Quebec creates new system to help athletes report abuse, harassment in sports
MONTREAL -- Not wanting to relive scandals like that of ski coach Bertrand Charest or the one involving the national artistic swimming team, the Quebec government has decided to come up with a plan to help athletes report abuse.
Isabelle Charest, the province’s junior education minister and minister responsible for the status of women, announced a new policy on Friday that includes an independent and streamlined system.
An officer will be hired to deal with complaints from all Quebec sports federations, regardless of the level of the athletes involved.
“This is a huge step forward,” said Charest who said that until now, complaints fell to the various federations and were handled in various ways.
Of note, the officer will be able to inform youth protection services if an abuse case involves a minor athlete, and can take the matter to court if necessary.
Victims of abuse or harassment can file a complaint by filling out a form that will be available online, on each of the Quebec sports federations websites, or verbally through the organization Sport'aide.
This policy will officially come into effect as of Feb. 1, 2021.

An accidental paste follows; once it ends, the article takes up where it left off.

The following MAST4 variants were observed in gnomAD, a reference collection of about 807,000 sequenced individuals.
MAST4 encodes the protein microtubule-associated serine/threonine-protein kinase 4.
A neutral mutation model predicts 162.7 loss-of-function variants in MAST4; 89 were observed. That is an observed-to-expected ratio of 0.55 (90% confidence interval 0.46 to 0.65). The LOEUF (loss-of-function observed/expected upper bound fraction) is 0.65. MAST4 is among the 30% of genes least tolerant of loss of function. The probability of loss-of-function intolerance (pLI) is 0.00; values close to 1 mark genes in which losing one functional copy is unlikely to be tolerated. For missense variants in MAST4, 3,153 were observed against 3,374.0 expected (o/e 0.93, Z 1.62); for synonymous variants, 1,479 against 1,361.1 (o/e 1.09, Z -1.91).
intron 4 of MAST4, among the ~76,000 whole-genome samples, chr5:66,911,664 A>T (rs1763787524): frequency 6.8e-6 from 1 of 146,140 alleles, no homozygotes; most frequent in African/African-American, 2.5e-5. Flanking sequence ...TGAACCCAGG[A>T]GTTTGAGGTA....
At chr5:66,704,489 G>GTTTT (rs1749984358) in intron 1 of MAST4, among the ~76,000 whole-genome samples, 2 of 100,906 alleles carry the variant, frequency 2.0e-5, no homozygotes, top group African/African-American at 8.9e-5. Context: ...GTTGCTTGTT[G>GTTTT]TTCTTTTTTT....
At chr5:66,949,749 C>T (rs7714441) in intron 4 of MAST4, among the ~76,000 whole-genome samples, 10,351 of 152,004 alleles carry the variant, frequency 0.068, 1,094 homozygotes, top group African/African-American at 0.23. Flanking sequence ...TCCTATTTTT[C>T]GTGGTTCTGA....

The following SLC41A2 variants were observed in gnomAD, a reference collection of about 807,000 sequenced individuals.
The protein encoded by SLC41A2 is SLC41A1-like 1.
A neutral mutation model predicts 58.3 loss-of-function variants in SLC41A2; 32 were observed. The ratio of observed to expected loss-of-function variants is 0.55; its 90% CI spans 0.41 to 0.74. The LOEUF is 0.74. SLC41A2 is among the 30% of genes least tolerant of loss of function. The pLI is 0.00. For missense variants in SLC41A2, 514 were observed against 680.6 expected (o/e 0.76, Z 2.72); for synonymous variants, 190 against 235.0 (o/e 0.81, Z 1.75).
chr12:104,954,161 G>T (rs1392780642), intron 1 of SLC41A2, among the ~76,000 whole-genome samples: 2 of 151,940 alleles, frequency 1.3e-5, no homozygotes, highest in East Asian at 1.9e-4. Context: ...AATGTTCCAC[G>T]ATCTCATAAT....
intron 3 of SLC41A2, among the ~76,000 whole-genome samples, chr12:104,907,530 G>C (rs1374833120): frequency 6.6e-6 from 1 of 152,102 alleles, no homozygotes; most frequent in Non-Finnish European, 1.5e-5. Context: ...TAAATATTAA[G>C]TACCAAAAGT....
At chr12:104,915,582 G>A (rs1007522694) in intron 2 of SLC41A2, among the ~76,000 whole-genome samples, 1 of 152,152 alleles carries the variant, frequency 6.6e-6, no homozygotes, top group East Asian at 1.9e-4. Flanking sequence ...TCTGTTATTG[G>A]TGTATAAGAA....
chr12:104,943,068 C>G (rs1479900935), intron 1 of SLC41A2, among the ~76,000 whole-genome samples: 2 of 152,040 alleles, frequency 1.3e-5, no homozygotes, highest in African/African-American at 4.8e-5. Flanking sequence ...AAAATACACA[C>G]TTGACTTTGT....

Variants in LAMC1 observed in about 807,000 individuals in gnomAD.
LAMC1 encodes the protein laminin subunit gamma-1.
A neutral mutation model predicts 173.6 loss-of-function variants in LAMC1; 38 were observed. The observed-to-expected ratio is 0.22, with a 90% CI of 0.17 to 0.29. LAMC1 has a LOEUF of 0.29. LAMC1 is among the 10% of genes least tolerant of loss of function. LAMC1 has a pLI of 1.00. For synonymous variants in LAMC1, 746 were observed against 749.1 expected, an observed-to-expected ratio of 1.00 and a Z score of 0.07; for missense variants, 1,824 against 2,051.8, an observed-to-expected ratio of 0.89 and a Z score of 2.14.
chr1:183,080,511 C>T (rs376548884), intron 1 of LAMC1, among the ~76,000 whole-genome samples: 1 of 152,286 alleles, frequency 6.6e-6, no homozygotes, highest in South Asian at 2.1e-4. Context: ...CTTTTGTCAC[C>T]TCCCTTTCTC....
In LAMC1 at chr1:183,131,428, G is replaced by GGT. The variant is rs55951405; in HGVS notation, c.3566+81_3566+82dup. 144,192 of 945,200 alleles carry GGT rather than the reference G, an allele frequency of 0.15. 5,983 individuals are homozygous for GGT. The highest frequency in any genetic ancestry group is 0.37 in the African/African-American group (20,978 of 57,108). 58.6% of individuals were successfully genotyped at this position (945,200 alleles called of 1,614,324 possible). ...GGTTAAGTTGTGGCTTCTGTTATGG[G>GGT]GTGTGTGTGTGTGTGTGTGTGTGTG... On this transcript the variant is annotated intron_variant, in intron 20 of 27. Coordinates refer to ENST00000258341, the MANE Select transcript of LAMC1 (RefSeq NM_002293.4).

Yvan Dallaire, Hockey Quebec's director of rules and regulations said his organization is pleased with the announcement.
“Here at the hockey federation, we welcome that, because of the fact that it’s going to take a lot of pressure off our volunteers’ shoulders and our organization’s shoulders knowing that it’s going to be an independent body that will receive those complaints,” he said.
“The fact that it’s going to be an independent body, it’s going to encourage the victims to denounce and to complain about situations that we don’t want to see in sports in Quebec.”
Charest also announced an investment of $1.4 million to promote safety in sports and recreation.
She also reiterated her message of hope for the revival of organized sports, saying that she continues to discuss the matter with public health officials – though for now, there is no change to the status quo.
This report by The Canadian Press was first published Nov. 20, 2020. With reporting from CTV's Matt Grillo.